Biodiversity can be threatened by organisms which can build up on ships’ hulls and other marine structures, a process known as biofouling. During a workshop in Arraial do Cabo, Brazil (5 August), experts on biofouling and invasive species and others took the first steps towards setting up a national task force to tackle the issue. Brazil is one of 12 lead partnering countries in the GEF-UNDP-IMO GloFouling Partnerships project, which aims to protect marine biodiversity by addressing biofouling.
Each lead partnering country’s national task force will define a national policy on biofouling and invasive species and draft the national strategy and action plan to implement the IMO Biofouling Guidelines. The next step for GloFouling Partnerships in Brazil will be to develop national baseline reports to assess the current situation with regards to non-indigenous species, to identify any research currently available on the subject, to analyse the economic impacts and to determine the national legal framework.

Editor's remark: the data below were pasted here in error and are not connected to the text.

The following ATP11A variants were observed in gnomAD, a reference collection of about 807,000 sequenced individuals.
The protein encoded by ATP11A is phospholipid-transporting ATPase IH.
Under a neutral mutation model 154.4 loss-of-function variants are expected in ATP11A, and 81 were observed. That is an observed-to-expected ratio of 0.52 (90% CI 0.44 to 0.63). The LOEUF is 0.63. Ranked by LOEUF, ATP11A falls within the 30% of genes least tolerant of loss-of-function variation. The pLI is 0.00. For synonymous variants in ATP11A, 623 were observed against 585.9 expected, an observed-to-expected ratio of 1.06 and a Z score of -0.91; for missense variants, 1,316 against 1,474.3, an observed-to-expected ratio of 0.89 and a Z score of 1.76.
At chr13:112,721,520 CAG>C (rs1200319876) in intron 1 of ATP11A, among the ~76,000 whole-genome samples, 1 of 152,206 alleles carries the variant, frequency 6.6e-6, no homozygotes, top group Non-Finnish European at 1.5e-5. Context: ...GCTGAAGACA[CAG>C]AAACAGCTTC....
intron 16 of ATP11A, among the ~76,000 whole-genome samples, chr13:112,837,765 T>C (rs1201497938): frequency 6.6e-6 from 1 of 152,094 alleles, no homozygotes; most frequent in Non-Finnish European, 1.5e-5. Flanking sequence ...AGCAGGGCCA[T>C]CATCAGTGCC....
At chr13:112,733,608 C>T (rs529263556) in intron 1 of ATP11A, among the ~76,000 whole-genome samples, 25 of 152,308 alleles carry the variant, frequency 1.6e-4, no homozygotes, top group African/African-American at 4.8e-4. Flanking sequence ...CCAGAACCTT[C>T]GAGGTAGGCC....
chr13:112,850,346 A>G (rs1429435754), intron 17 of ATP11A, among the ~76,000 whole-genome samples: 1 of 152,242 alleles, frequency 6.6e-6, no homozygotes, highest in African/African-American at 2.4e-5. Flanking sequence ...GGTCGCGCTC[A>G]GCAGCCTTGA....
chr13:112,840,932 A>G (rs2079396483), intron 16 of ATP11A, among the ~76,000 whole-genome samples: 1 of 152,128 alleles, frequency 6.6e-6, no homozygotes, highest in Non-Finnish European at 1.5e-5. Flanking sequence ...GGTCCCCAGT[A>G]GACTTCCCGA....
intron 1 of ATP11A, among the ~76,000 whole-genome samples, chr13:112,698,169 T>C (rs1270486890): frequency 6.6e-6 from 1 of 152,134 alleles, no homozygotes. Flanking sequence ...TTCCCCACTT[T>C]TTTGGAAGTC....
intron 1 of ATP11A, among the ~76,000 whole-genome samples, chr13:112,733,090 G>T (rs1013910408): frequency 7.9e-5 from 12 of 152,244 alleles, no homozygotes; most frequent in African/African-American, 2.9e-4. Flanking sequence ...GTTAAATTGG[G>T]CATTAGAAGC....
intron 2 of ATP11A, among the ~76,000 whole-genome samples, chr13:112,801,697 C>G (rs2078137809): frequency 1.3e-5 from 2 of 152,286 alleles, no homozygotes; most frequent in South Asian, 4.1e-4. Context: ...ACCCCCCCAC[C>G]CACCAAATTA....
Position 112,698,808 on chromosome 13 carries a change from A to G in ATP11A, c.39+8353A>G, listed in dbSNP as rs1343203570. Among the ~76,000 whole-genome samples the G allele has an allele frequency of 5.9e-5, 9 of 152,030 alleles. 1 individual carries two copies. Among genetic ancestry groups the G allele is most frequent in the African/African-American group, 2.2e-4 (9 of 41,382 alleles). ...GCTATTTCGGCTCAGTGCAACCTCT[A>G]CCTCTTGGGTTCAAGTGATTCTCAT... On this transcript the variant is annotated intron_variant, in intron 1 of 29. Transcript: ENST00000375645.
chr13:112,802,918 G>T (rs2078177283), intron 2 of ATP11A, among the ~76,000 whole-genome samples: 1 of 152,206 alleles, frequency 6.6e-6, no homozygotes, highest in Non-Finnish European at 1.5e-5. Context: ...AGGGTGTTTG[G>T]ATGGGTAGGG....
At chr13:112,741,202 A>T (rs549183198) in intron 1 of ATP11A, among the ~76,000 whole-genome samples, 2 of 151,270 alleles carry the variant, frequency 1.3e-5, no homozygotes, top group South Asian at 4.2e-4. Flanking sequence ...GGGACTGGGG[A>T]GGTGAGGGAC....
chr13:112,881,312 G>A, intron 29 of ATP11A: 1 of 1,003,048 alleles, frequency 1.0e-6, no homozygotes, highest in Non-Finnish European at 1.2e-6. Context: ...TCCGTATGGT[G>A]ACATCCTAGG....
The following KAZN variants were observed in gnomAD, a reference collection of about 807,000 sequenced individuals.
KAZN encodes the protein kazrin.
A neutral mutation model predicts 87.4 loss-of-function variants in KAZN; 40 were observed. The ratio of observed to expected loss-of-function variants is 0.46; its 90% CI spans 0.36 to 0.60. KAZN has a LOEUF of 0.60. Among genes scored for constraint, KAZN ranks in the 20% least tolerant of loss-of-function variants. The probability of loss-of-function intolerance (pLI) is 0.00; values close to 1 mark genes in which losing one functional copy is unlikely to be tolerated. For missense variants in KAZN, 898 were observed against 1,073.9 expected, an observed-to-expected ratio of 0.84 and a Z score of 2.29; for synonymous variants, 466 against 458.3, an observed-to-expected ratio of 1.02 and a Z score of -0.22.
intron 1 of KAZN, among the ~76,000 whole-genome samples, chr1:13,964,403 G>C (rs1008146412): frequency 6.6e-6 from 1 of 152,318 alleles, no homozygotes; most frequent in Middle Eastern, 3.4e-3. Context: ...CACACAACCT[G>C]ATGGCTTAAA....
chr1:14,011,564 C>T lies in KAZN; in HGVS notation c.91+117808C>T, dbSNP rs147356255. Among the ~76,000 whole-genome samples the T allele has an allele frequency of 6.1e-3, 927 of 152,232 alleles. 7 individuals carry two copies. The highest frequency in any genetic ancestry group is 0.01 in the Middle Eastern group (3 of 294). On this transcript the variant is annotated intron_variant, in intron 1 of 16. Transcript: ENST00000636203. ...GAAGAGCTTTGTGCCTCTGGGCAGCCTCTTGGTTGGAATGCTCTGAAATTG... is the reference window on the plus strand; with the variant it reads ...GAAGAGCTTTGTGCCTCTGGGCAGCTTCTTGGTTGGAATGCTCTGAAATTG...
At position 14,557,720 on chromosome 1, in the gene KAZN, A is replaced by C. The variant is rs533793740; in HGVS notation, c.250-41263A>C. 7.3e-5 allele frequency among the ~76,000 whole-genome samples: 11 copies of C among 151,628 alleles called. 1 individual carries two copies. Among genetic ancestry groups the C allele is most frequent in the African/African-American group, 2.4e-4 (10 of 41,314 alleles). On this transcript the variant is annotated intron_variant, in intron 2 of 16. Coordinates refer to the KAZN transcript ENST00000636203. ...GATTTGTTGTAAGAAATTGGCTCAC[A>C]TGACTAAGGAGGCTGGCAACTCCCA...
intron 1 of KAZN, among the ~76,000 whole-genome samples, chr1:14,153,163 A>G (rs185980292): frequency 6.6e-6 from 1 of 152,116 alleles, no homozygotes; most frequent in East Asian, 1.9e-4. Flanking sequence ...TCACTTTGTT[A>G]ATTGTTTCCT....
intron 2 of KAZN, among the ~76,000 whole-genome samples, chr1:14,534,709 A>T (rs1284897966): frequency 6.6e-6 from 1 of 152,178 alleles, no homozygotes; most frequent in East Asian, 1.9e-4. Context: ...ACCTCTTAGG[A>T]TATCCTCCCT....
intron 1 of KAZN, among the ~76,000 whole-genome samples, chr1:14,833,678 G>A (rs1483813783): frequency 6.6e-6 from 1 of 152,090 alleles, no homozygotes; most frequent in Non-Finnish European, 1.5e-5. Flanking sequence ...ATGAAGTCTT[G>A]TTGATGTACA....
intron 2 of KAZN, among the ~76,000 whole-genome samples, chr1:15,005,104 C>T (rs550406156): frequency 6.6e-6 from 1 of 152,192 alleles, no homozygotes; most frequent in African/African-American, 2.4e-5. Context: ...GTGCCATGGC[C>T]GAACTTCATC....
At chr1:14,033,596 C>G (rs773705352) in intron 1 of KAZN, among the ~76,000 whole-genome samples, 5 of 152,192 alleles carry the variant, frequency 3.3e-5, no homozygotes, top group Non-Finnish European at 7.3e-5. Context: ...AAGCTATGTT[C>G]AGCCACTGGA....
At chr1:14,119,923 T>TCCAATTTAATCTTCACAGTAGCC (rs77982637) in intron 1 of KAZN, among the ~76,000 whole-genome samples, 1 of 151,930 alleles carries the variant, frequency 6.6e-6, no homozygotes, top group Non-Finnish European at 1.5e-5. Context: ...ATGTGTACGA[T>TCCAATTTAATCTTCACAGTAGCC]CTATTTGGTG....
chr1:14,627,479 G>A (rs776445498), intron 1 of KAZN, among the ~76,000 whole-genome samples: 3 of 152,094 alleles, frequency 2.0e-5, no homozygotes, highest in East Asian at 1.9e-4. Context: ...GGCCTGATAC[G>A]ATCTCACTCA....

The Glofouling workshop was held during the XIII Biofouling, Benthic Ecology and Marine Biotechnology Meeting (XIII BIOINC), hosted by the Instituto de Estudos do Mar Almirante Paulo Moreira (5-9 August). As well as national experts on biofouling and invasive species, participants included representatives from Marinha do Brasil, from other departments from federal and state administrations and from leading private sector companies such as Petrobras and Vale.
The IMO-executed GloFouling Partnerships project to address bioinvasions by organisms which can build up on ships’ hulls and other marine structures is a collaboration between the Global Environment Facility (GEF), the United Nations Development Programme (UNDP) and IMO. Twelve lead partnering countries (Brazil, Ecuador, Fiji, Indonesia, Jordan, Madagascar, Mauritius, Mexico, Peru, the Philippines, Sri Lanka and Tonga), four regional organizations, IOC-UNESCO, the World Ocean Council and numerous strategic partners have signed up to the project.